Managing both extremely large and incredibly small numerical numbers is a necessity for scientific and technical fields. Working with measurements of either extreme is incredibly complex, and it is simpler to work with numbers when they are written in an abbreviated form called scientific notation. This post will serve as a beginner’s guide to the “how” and “why” of scientific notation.

**Writing in Scientific Notation**

**Scientific notation **provides a mathematical shorthand to make numbers easier to work with. Why is this necessary? Let’s consider the amount of electrons that go through one ampere (**amp**) of current. A unit of electrical charge (called a **coulomb**) that moves through a spot in one second is equal to one amp. By dividing the charge per electron by the charge per amp, we find that there are approximately **6,240,000,000,000,000,000 **electrons in one amp. Dealing with that many zero digits can quickly complicate things!

The **significant digits **of a number (*also referred to as significant figures or “sig figs”*) are the accurate and precise digits in a measurement or computation that reveal a value’s correctness. For instance, if we say a cement block weighs 5,000 pounds, we likely don’t mean that it weighs exactly 5,000 pounds. Most often, we round the weight to a number that is easier to remember. In this case, the “5” in front would be the only significant digit; and the zeros are just placeholders. However, if we were to claim that the cement block weighed 5,008 pounds, all four digits become significant digits. This is because the weight is no longer rounded to the next thousand pounds- which indicates that the two zeros in the middle are not merely filler digits, but instead represent accuracy. While the zeros in “5,000” are meant to show the **scale **of the number, the zeros in “5,008” are meant to show the **accurate measurement**. Any digit in a number that is not zero is always regarded as a significant digit, as well as any zeros in-between nonzero numbers.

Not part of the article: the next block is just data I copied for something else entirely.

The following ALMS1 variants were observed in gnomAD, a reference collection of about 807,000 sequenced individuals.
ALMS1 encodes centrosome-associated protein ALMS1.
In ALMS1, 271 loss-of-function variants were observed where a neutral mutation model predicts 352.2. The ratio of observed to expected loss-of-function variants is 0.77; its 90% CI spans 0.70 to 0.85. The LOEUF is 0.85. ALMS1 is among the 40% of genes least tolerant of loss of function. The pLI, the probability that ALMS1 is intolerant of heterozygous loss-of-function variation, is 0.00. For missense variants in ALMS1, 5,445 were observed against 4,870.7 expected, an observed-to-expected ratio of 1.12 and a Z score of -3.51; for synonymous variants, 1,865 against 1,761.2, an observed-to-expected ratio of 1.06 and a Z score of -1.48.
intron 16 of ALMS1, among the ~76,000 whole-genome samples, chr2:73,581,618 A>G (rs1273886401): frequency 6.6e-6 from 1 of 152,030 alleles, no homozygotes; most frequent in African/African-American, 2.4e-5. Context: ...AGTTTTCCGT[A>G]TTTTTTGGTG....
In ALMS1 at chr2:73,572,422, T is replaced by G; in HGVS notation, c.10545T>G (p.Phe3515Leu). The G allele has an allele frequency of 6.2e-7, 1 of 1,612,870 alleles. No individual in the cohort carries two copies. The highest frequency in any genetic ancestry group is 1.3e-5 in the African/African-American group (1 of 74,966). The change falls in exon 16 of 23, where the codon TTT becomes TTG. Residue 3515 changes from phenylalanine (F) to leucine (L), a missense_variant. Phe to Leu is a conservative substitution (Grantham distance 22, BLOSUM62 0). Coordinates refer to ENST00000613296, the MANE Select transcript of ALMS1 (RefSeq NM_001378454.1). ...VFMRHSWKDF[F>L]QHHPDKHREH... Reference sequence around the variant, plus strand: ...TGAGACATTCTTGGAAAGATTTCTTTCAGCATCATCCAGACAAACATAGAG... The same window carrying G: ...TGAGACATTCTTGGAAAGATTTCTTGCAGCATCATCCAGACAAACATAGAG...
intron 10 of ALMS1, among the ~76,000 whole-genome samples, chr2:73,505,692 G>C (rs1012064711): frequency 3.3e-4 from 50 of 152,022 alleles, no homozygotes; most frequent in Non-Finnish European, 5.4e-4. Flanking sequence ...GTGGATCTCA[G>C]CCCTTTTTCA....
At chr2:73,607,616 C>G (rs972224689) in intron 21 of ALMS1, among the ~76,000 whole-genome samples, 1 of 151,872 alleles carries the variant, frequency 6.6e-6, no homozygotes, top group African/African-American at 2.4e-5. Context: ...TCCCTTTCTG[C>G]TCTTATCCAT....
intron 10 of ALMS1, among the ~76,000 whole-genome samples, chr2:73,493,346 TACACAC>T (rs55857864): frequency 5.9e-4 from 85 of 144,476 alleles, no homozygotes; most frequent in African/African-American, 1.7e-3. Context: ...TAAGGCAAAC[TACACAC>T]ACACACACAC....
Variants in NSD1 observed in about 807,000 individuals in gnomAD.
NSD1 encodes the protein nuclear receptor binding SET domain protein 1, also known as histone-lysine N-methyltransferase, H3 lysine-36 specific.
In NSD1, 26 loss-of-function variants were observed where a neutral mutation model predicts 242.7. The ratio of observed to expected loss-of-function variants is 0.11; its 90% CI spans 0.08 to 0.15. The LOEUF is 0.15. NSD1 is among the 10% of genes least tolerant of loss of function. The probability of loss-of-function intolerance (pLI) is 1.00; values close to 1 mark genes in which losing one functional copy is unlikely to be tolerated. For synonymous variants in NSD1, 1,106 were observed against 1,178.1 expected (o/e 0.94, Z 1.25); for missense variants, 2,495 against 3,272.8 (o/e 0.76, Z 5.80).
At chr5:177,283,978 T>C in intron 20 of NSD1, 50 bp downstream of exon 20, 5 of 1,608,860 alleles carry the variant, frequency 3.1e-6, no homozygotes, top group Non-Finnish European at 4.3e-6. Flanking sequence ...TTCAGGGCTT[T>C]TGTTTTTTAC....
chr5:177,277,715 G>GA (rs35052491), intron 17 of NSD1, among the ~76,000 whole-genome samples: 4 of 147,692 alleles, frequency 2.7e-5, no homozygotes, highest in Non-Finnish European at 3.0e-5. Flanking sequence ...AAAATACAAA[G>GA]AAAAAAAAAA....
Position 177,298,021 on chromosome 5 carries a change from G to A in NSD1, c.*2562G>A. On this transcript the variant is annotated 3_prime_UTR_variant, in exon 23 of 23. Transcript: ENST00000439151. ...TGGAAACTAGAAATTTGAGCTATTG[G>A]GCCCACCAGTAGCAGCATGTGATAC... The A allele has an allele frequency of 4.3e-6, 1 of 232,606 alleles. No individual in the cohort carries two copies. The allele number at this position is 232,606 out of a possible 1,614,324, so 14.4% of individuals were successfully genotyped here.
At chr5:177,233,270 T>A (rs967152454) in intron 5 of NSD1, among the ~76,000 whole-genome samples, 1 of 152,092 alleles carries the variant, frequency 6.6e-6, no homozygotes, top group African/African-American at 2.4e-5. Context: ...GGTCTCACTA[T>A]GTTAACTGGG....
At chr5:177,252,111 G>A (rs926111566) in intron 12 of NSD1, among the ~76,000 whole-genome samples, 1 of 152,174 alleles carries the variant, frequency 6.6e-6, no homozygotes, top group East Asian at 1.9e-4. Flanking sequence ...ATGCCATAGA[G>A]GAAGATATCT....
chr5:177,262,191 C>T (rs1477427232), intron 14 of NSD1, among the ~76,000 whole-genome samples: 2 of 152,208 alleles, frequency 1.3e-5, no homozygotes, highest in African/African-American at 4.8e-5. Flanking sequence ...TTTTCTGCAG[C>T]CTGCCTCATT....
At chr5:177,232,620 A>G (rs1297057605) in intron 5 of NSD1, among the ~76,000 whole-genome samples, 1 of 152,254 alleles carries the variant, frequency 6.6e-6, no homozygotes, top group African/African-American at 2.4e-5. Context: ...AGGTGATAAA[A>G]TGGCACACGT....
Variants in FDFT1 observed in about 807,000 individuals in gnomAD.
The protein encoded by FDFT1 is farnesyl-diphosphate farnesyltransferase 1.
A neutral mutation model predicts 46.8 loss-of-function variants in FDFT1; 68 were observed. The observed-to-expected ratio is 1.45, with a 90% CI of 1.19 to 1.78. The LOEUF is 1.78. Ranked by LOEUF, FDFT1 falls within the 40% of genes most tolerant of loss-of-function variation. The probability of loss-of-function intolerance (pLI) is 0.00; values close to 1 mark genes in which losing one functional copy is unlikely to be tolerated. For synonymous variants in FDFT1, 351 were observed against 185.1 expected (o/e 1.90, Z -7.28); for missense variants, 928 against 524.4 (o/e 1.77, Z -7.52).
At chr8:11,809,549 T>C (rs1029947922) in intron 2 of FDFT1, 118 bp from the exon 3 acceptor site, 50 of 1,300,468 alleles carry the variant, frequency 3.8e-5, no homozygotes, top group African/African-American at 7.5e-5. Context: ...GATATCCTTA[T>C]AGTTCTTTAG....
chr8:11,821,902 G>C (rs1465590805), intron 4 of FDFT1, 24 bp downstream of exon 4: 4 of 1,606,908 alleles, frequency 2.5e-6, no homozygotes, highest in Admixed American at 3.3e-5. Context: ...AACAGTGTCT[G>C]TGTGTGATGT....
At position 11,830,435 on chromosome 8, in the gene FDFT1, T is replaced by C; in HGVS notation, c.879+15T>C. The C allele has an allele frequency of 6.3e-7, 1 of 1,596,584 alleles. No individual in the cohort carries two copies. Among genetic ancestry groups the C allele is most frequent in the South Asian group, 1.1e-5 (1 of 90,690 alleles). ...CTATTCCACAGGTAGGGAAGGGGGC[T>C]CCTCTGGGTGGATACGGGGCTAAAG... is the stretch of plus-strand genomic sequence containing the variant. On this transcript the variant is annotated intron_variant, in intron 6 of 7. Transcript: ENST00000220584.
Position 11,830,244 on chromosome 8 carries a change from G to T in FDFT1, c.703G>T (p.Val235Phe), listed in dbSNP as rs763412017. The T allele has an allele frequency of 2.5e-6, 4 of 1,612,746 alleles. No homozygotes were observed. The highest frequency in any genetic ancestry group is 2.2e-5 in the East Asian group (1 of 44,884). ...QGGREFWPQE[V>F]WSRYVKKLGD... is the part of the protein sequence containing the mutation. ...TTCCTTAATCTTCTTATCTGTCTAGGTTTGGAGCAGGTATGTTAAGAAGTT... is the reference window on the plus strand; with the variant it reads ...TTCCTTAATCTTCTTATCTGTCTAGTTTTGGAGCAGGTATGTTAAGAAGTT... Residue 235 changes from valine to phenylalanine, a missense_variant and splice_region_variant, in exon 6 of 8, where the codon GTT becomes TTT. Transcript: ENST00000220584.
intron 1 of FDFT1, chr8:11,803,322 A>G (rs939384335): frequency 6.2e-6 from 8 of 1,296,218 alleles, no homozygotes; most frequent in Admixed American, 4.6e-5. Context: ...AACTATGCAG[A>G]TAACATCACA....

This is where scientific notation comes in handy. When writing a number in scientific notation, the “placeholder” zeros are represented by a** power-of-ten multiplier**. The three distinct sections of scientific notation, are the power, base, and coefficient. For example, 4.6 X 10^7 has a **power **of 6, a **base **of 10, and a **coefficient **of 4.6.

In scientific notation, the number 6,240,000,000,000,000,000 can be represented by moving the decimal point (located at the end of the number) to the left until there is only one nonzero digit to the left of it.

Next, count the number of places the decimal point was moved- in this case, it was moved **18 places**.

Therefore, in scientific notation, 6,240,000,000,000,000,000 is written as **6.24 × 10^18**. 10 to the 18th power indicates 10 multiplied by itself a total of 18 times, which equals 1 followed by 18 zeros.

**What About Small Numbers?**

Scientific notation can also be used for incredibly small numbers. For example, let’s say that the approximate diameter of a helium atom is **0.0000000000529** meters. In this case, the placeholder zeros are to the left of the significant digits, not the right. To indicate that the decimal should be moved in the opposite direction, we use a negative exponent instead of a positive one.

In this case, 0.0000000000529 becomes** 5.29 × 10^-11**.

**Engineering Notation**

**Engineering notation **offers a unique approach to representing numbers using powers of ten that are **multiples of three**. This notation is widely used in the field of engineering due to its practicality when dealing with extraordinarily large or small values. This means that the only powers of 10 used in engineering notation are the values 3, 6, 9, 12, etc. These align with common engineering prefixes such as kilo, mega, and giga.

For example, **0.000045** would be written as **4.5 × 10^-5** in scientific notation but would be written as **45 × 10^-6** in engineering notation.

Anyone just beginning to tackle scientific notation should keep a few important notes in mind. In scientific notation, a coefficient should be greater than one but less than 10, and it is always multiplied by a power of 10. The exponent must be either a positive or negative integer that is non-zero. If the exponent is positive, the decimal will be moved that amount to the right, while a negative exponent indicates that the decimal will be moved to the left.

**Additional Information**